Katrina victims trade Dixie for Candleheart at Christmas

December 22, 2005|By DON AINES


There will be no Christmas in Dixie for James Robertson and Wendy Riggs, an Alabama couple who traveled to Franklin County, Pa., in the wake of Hurricane Katrina in search of a new beginning.

"I decided I didn't want to rebuild down there ... I want a new life up here among these Yankees," said Robertson, a carpenter whose Tuscaloosa, Ala., mobile home was smashed and whose pickup was damaged by the storm. "I think I can rest assured there'll be no hurricanes here."

"I feel at home here," said Riggs, whose mother and a married sister live in this area.

Robertson and Riggs are among the approximately 45 hurricane victims who have stayed at the Candleheart Facility, 3301 Lincoln Way East, since Katrina laid waste to much of the Gulf Coast, said Natalie Newcomer, the founder and executive director of Maranatha, a faith-based organization that runs the facility.


Within days of the hurricane, evacuees from the South began arriving in Franklin County. Candleheart, a former nursing home that Maranatha acquired to shelter people in its transitional housing program, was still being readied to accept residents, Newcomer said.

About 20 people, most of them related and from New Orleans, made their way to Pennsylvania and were sheltered at Candleheart shortly after Katrina, Newcomer said. Some of them have since returned to Louisiana, while others have found housing and jobs here, she said.

Others have come and gone, and of the 14 residents at Candleheart on Wednesday, only four are there because they lost their homes to Katrina, Newcomer said.

With Christmas decorations and more furnishings, the building offers a more homey atmosphere than the nearly barren building that opened its doors to evacuees in September. Donations, particularly from churches, helped with the transformation, Newcomer said.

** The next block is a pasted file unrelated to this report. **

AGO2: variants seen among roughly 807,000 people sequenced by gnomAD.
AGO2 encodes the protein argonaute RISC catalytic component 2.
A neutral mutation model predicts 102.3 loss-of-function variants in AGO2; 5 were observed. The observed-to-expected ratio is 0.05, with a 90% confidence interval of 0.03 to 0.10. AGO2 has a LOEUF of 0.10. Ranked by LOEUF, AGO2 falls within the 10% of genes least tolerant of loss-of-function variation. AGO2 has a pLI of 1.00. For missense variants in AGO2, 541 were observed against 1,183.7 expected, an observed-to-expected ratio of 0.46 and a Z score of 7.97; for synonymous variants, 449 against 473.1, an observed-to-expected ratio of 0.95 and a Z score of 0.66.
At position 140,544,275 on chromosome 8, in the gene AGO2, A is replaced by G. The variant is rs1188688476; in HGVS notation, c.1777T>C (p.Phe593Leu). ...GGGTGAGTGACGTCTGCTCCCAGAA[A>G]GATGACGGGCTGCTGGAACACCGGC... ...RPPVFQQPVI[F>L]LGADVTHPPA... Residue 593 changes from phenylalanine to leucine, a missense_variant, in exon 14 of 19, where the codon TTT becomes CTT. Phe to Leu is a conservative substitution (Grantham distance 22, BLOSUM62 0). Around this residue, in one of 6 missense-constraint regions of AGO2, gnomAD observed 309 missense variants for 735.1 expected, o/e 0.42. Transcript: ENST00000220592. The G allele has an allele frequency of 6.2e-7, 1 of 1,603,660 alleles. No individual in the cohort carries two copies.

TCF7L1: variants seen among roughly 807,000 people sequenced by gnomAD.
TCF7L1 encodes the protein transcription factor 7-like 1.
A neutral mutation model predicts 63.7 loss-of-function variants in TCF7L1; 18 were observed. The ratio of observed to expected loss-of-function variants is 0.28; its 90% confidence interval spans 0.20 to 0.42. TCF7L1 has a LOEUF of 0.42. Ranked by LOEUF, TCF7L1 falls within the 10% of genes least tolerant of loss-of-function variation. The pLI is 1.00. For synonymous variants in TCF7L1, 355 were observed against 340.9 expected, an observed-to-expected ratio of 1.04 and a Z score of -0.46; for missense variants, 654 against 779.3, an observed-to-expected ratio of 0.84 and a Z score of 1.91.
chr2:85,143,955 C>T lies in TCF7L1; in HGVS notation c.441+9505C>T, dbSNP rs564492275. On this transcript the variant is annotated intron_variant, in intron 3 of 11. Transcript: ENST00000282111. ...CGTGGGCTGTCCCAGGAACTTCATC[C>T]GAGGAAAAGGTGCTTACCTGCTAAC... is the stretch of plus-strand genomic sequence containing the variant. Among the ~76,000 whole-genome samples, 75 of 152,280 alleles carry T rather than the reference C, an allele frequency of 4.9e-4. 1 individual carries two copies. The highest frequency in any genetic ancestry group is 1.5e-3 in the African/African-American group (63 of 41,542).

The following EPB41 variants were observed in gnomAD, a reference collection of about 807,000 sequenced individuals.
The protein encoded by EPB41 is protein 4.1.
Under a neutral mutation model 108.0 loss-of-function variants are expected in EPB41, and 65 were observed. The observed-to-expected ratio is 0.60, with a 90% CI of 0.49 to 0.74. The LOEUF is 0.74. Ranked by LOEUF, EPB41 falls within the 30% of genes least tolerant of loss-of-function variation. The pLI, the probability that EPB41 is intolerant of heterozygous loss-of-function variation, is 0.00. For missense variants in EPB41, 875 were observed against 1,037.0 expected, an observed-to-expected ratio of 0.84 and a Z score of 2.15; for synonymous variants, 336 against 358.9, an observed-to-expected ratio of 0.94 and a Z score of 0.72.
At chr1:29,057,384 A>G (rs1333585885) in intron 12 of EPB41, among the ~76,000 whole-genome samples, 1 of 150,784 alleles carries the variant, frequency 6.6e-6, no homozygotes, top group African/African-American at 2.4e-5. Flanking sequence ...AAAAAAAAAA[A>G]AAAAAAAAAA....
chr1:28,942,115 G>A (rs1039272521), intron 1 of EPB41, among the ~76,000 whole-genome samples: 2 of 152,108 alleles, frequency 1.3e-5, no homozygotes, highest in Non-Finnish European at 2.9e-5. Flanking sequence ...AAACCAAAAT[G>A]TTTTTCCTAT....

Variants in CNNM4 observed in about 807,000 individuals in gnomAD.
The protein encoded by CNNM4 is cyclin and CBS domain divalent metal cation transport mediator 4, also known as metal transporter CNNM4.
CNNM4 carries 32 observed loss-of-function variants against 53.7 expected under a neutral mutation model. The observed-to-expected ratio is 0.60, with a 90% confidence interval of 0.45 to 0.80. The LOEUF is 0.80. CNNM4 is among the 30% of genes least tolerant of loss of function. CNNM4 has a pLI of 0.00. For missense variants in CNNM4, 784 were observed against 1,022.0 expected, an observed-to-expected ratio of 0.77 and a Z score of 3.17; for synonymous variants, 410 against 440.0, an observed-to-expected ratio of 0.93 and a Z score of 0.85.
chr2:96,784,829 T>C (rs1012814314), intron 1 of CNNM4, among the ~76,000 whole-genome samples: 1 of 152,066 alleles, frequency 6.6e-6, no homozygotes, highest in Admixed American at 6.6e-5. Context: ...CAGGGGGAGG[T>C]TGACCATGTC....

"The storm brought us together," said Riggs, explaining that she and Robertson met at a Salvation Army center in Alabama. They remained in Alabama for several weeks after the storm, staying with relatives before loading their few possessions in Robertson's truck and heading to Pennsylvania in early November.

Riggs' family helped them for a time, but the couple moved to Candleheart about two weeks ago, they said. The staff helped her land a job in a restaurant the first day, said Riggs, who said she has associate's degrees in medical coding and business.

While they have received assistance through Maranatha, the couple said there are obstacles to overcome in establishing themselves here. They lost birth certificates and other records in the storm, and have had difficulty getting them replaced.

That has hampered Robertson's efforts in getting a job and delayed their plans to marry, the couple said.

Robertson lived all his 42 years in Alabama and said it is a lonely feeling to be away from his former home for Christmas. Because she just started working, Riggs said she has no money to shop for gifts.

Both said they are thankful, however, for the help they have received at Candleheart, which includes Bible study and a variety of counseling services.

"This place is a blessing to homeless people like us," Robertson said.

"The love is real," said Riggs.

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